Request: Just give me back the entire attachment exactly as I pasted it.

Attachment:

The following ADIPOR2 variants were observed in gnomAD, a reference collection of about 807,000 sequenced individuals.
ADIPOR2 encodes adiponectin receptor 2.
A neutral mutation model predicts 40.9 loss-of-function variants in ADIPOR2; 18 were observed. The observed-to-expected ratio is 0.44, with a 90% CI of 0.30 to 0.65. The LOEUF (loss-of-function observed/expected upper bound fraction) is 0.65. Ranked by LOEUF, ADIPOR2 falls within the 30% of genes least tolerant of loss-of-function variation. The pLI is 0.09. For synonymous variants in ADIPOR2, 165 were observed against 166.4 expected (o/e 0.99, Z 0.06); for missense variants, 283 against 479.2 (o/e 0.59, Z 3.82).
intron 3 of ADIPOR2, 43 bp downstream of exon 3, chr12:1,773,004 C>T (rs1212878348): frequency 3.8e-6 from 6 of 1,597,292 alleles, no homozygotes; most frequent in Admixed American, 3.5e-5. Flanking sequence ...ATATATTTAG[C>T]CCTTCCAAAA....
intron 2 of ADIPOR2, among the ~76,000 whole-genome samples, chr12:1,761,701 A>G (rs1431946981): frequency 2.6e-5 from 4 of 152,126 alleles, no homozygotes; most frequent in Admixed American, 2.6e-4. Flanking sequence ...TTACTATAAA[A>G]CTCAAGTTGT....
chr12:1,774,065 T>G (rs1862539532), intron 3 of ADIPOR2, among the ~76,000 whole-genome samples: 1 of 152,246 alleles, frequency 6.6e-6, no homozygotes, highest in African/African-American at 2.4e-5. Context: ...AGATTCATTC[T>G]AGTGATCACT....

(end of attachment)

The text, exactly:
The following ADIPOR2 variants were observed in gnomAD, a reference collection of about 807,000 sequenced individuals.
ADIPOR2 encodes adiponectin receptor 2.
A neutral mutation model predicts 40.9 loss-of-function variants in ADIPOR2; 18 were observed. The observed-to-expected ratio is 0.44, with a 90% CI of 0.30 to 0.65. The LOEUF (loss-of-function observed/expected upper bound fraction) is 0.65. Ranked by LOEUF, ADIPOR2 falls within the 30% of genes least tolerant of loss-of-function variation. The pLI is 0.09. For synonymous variants in ADIPOR2, 165 were observed against 166.4 expected (o/e 0.99, Z 0.06); for missense variants, 283 against 479.2 (o/e 0.59, Z 3.82).
intron 3 of ADIPOR2, 43 bp downstream of exon 3, chr12:1,773,004 C>T (rs1212878348): frequency 3.8e-6 from 6 of 1,597,292 alleles, no homozygotes; most frequent in Admixed American, 3.5e-5. Flanking sequence ...ATATATTTAG[C>T]CCTTCCAAAA....
intron 2 of ADIPOR2, among the ~76,000 whole-genome samples, chr12:1,761,701 A>G (rs1431946981): frequency 2.6e-5 from 4 of 152,126 alleles, no homozygotes; most frequent in Admixed American, 2.6e-4. Flanking sequence ...TTACTATAAA[A>G]CTCAAGTTGT....
chr12:1,774,065 T>G (rs1862539532), intron 3 of ADIPOR2, among the ~76,000 whole-genome samples: 1 of 152,246 alleles, frequency 6.6e-6, no homozygotes, highest in African/African-American at 2.4e-5. Context: ...AGATTCATTC[T>G]AGTGATCACT....